He's the one child of President Bush's you don't read much about.
While his older brother Neil is in the headlines -- currently being sued by federal regulators in connection with the collapse of a Denver bank -- Marvin Bush, 33, the second youngest, does his best to stay out of the news.
"I keep a very low profile. I lead a private life and I'm proud of it," he says, calling himself the least political of the Bush's five children: George W., an oil man in Texas; Jeb, a Miami businessman; Neil; and Dorothy, the youngest, who works in Washington.
The only reason Marvin Bush is coming forward now is his willingness to violate his own privacy and discuss an important issue that is usually shrouded in secrecy.
That is the illness commonly known as inflammatory bowel disease. Marvin Bush was in town yesterday as the spokesman for the National Foundation for Ileitis and Colitis, which honored 10 local teen-agers who have the disease and who offer support to others.
Mr. Bush knows the subject well -- he was treated for the disease 4 1/2 years ago after an illness.
"This organization is the only opportunity where I utilize my father's name to benefit something," he says, sitting somewhat uncomfortably in a plush suite in a downtown hotel. "As the president's son, I think I'm always scrutinized. People pre-judge me and I couldn't care less. I look at the flip side, and this is an opportunity to be heard and they needed a spokesperson who would be heard.
"Another part is selfish because I've truly come to believe that a part of the healing process comes from helping other people."
In 1985, at the age of 28, Marvin Bush -- athletic, lanky and handsome -- was diagnosed with ulcerative colitis, a chronic inflammation of the colon. And although he tried to live with the disease for a year with medication, he found himself getting progressively worse. "I just thought I was indestructible when **TC got sick and I continued to deny it because I thought it would go away."
By the time he was in the hospital in April 1986, he was so ill he had lost almost 30 pounds and was bleeding internally. He had to undergo immediate life-saving surgery that removed part of his colon and created an ostomy -- an opening in his abdomen through which body wastes are emptied into an external pouch. There was a second surgery in October 1987 for the removal of his entire colon.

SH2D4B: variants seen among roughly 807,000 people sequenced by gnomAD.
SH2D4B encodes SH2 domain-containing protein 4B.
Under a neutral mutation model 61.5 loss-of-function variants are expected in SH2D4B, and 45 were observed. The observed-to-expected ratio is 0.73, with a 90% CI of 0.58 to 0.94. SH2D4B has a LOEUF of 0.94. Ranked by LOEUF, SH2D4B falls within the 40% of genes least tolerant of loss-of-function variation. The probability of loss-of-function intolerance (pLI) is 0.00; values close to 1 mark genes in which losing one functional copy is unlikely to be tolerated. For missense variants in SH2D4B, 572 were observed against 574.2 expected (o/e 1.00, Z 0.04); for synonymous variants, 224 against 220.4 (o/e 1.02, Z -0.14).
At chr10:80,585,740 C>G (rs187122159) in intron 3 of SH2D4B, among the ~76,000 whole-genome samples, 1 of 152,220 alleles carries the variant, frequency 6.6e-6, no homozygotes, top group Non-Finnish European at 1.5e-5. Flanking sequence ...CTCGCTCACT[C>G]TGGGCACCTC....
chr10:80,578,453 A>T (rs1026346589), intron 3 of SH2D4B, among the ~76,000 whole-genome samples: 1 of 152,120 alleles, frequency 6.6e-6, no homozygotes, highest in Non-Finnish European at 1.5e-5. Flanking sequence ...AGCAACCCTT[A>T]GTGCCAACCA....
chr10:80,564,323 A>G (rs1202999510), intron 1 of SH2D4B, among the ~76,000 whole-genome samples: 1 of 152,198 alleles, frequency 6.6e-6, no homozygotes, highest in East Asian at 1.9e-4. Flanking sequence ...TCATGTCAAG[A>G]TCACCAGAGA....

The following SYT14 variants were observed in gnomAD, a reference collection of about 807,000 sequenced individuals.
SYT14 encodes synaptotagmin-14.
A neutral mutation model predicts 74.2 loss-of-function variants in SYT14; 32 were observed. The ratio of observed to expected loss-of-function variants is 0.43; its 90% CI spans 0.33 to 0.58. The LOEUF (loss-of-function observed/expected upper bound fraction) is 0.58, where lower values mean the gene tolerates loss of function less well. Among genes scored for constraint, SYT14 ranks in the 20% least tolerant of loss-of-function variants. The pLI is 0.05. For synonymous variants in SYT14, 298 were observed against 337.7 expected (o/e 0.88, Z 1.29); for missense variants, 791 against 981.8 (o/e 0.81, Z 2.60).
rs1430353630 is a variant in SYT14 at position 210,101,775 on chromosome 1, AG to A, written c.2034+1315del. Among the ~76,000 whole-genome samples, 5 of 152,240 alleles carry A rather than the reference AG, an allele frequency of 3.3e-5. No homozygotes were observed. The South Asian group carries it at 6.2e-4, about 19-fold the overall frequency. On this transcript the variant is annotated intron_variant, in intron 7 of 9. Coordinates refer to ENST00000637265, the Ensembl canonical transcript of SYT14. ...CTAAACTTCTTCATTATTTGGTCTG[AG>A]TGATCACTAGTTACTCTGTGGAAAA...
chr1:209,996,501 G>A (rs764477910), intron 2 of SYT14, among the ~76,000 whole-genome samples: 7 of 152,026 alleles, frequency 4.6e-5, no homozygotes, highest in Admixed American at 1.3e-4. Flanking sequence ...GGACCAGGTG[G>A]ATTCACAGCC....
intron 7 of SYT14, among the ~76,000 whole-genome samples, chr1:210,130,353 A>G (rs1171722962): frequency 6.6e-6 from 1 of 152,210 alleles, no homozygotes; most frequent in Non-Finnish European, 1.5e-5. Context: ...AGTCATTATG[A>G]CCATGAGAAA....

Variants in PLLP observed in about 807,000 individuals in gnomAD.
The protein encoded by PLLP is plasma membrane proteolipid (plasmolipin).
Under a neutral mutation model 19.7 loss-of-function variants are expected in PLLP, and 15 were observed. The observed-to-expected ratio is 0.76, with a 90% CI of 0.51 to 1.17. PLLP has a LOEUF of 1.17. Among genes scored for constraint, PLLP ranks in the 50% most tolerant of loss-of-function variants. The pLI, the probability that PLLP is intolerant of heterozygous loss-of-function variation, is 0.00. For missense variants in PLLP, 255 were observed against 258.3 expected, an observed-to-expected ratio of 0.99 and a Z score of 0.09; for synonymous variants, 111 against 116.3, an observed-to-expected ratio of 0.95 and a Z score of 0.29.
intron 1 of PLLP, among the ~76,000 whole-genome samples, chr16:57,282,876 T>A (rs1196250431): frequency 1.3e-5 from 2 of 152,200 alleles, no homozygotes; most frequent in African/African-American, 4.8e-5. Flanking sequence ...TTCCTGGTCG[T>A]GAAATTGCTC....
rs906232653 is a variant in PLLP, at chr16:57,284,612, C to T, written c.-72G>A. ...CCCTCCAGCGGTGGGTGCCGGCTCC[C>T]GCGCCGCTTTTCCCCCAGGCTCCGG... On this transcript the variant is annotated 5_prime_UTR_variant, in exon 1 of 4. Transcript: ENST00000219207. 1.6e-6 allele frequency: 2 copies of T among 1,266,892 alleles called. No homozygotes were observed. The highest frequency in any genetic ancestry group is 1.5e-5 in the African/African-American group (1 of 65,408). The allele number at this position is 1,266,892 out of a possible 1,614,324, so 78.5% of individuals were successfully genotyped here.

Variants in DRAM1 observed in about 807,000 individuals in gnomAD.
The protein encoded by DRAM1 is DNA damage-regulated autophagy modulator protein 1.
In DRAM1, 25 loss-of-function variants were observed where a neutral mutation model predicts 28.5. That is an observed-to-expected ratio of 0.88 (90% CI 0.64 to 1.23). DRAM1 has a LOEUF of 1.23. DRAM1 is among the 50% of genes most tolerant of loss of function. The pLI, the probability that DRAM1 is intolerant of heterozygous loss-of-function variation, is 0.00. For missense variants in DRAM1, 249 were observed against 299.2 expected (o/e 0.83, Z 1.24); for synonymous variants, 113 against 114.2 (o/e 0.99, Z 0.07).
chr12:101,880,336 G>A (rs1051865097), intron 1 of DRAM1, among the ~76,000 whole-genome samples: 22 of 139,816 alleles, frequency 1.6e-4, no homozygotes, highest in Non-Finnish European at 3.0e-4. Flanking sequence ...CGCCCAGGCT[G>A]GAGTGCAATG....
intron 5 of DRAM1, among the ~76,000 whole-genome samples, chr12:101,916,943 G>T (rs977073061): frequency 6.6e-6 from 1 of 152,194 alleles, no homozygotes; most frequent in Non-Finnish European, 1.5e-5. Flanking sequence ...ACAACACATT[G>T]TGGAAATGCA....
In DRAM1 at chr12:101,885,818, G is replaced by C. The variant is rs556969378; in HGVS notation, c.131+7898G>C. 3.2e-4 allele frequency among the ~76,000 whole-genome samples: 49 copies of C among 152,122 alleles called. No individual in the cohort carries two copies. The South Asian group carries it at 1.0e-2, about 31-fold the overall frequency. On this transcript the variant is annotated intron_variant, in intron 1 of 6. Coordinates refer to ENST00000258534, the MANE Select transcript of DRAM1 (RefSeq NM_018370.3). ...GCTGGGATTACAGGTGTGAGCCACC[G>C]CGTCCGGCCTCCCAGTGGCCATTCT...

An estimated 2 million people in this country are affected by this disease and 1 million have undergone ostomy surgery. What Mr. Bush had, ulcerative colitis, is one of the two most common forms of inflammatory bowel disease. The other form is Crohn's disease, of which ileitis is one type. These illnesses -- which frequently occur in young people from their teens through their mid-30s -- are rarely discussed openly.
"There is still a stigma," he says, "and I think it has to do with a disease that has to deal with bowels and intestines. We're taught not to talk about it." But Mr. Bush has spoken with many people about the experience. "I was talking to a woman in Illinois who told me she suffered for 15 years and since her surgery two years ago she hasn't left the house. She felt personal shame and refused to go out."
Mr. Bush says those feelings are common. And he has written openly of the details of his illness in a March 1989 Ladies' Home Journal article: "I was a slave to the bathroom, feeling nauseated, and having bowel movements as often as fifteen times a day."
He praises his family for helping him survive the ordeal. "My parents agonized," he says, adding, "This disease takes plenty of prisoners." His father, whom he calls "my best friend," was at his bedside every morning and evening while his mother spent hours each day with him as well.
The most difficult part of recovery was emotional. "Once in a while a little self-pity comes," he admits, "but other than that I don't think about it all the time . . . Some people feel this disease is the end of your life but I view it as a second chance."
He and his wife resumed their lives. They live in Alexandria, Va., where he works as a financial consultant, owns several video stores and has just been appointed Virginia's GOP state finance chairman. Margaret Bush -- the college sweetheart he married after they both graduated form the University of Virginia -- works as a part-time preschool teacher.
He credits his wife -- who was treated for ovarian cancer as a child -- for helping him get through the worst of the illness. They have two adopted children, ages 4 and 9 months. They live quietly and mostly out of the public eye.
He says they get a lot of invitations, "but we don't want to be socialites. We just want to live a normal life."
He says, "I would never run for political office. I don't have the patience for it that my father does . . . I also know the effect it has on your family."
As for the attention focused on his brother and the collapse of Silverado Banking, Savings and Loan Association, he says, "Neil's been victimized by his last name. Anyone . . . would agree with me if they knew the full facts. They don't realize they're talking about one of the most decent, caring, hard-working people. . . . There's an amazing focus on Neil Bush when he hasn't done anything wrong."
Loyalty is a strong family trait. So is doing good work outside the family. "My mother is extraordinary," Mr. Bush says. "She wakes up each morning and says, 'How can I make another person's life better today?' "
In his own way, Marvin Bush is hoping that his appearances for this national organization and his speaking out on this disease may make other people's lives better.
"Whenever I do these events," he says, "and I look out and see people affected or their parents, or spouses or boyfriends or girlfriends, I know they recognize what I'm saying. I see them nodding their heads. I know we have so much in common."